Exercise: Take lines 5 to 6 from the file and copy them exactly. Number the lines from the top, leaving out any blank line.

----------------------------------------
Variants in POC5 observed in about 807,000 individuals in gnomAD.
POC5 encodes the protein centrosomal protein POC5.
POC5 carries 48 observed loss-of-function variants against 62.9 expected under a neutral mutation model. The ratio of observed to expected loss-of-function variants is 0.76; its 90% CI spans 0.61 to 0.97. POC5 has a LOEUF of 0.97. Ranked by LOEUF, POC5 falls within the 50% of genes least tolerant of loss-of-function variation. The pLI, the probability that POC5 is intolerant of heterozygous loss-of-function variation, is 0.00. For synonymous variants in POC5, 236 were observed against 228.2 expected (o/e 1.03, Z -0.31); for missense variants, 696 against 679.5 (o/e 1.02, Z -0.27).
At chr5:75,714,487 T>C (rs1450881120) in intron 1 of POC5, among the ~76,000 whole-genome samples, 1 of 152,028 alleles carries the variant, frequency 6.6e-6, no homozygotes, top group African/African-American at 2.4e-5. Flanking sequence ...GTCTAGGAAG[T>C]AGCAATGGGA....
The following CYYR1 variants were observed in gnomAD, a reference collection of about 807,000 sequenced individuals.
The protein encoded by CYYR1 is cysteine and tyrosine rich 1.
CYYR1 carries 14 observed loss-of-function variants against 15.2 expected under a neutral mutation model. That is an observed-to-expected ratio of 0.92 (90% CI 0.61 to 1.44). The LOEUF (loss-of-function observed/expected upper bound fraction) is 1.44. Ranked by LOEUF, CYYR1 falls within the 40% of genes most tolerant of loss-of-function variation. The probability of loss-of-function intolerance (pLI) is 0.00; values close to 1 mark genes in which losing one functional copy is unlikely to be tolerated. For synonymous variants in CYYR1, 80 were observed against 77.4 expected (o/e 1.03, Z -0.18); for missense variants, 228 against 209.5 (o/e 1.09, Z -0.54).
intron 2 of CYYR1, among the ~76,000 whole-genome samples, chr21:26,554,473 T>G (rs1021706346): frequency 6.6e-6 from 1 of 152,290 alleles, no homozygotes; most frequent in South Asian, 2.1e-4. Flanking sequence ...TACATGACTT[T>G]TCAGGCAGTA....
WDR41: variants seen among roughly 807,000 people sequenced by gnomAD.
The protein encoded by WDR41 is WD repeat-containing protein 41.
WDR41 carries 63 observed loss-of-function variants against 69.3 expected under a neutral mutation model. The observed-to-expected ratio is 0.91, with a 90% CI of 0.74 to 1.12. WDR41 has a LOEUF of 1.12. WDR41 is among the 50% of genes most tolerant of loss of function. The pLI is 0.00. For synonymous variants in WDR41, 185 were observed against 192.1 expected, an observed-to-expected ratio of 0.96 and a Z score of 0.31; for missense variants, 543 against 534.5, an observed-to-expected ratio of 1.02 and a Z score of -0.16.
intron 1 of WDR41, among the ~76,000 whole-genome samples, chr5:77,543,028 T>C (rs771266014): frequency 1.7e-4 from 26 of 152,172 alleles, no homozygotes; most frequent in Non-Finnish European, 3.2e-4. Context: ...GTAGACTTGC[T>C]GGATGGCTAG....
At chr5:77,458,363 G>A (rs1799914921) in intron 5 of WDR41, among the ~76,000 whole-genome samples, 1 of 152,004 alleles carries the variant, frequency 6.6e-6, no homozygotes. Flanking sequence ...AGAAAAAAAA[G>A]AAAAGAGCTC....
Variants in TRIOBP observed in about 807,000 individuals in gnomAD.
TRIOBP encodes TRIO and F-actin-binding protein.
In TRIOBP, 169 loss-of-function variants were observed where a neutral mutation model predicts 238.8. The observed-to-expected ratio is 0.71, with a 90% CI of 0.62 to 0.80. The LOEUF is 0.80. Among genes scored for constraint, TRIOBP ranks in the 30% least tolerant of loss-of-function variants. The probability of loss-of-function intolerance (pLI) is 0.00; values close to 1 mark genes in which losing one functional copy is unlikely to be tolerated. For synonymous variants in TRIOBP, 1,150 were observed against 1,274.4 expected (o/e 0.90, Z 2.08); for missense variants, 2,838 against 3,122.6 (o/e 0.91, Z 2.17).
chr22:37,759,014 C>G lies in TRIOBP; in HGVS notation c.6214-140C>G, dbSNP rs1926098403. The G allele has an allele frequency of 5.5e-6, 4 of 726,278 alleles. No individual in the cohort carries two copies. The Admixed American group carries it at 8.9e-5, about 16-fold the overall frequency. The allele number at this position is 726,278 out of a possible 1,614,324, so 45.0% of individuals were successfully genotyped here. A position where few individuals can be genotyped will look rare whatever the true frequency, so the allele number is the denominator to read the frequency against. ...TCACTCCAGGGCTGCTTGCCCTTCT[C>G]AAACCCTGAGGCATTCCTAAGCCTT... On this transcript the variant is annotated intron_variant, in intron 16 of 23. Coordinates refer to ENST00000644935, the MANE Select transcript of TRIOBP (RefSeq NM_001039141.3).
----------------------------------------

The following CYYR1 variants were observed in gnomAD, a reference collection of about 807,000 sequenced individuals.
The protein encoded by CYYR1 is cysteine and tyrosine rich 1.